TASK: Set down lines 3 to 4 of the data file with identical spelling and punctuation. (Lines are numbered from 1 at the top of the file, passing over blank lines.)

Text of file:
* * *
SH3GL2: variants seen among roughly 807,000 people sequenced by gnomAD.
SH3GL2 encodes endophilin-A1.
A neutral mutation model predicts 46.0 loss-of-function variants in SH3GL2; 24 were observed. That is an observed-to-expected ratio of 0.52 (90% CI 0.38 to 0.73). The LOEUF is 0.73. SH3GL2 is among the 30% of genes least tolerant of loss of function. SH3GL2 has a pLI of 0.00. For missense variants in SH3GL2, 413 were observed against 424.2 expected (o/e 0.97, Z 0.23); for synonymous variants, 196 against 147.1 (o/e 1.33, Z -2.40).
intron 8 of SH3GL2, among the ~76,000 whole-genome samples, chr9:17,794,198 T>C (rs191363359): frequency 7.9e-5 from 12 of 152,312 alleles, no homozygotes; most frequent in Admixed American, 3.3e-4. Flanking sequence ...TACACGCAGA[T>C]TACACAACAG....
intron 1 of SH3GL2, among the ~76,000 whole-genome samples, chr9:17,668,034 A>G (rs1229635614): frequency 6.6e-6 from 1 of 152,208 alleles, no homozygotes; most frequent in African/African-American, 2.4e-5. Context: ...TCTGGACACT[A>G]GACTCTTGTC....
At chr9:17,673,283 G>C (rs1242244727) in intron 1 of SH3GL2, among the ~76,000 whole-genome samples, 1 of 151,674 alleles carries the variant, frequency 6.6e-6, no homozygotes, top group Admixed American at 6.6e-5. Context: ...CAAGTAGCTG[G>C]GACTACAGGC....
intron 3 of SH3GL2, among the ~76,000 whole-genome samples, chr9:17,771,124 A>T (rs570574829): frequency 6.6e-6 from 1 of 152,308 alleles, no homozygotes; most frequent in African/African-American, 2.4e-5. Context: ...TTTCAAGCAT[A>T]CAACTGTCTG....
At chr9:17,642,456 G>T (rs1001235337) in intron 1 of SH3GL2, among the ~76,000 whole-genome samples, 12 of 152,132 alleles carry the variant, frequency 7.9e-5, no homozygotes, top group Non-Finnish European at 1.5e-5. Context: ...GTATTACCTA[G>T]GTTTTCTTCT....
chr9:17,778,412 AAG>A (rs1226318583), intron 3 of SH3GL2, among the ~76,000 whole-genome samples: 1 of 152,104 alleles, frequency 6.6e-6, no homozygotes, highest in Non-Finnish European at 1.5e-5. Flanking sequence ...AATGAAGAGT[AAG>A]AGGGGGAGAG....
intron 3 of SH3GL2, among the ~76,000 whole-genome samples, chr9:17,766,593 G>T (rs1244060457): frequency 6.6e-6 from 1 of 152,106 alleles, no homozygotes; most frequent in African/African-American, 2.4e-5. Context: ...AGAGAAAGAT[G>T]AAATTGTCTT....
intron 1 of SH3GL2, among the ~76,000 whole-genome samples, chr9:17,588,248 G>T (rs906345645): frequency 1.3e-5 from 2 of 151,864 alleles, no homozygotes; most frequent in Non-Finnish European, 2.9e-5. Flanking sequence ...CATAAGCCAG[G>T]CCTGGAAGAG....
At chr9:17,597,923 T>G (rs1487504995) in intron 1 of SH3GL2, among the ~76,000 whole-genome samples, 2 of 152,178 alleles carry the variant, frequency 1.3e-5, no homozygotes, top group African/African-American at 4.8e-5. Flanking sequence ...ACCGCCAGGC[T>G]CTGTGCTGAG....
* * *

A neutral mutation model predicts 46.0 loss-of-function variants in SH3GL2; 24 were observed. That is an observed-to-expected ratio of 0.52 (90% CI 0.38 to 0.73). The LOEUF is 0.73. SH3GL2 is among the 30% of genes least tolerant of loss of function. SH3GL2 has a pLI of 0.00. For missense variants in SH3GL2, 413 were observed against 424.2 expected (o/e 0.97, Z 0.23); for synonymous variants, 196 against 147.1 (o/e 1.33, Z -2.40).
intron 8 of SH3GL2, among the ~76,000 whole-genome samples, chr9:17,794,198 T>C (rs191363359): frequency 7.9e-5 from 12 of 152,312 alleles, no homozygotes; most frequent in Admixed American, 3.3e-4. Flanking sequence ...TACACGCAGA[T>C]TACACAACAG....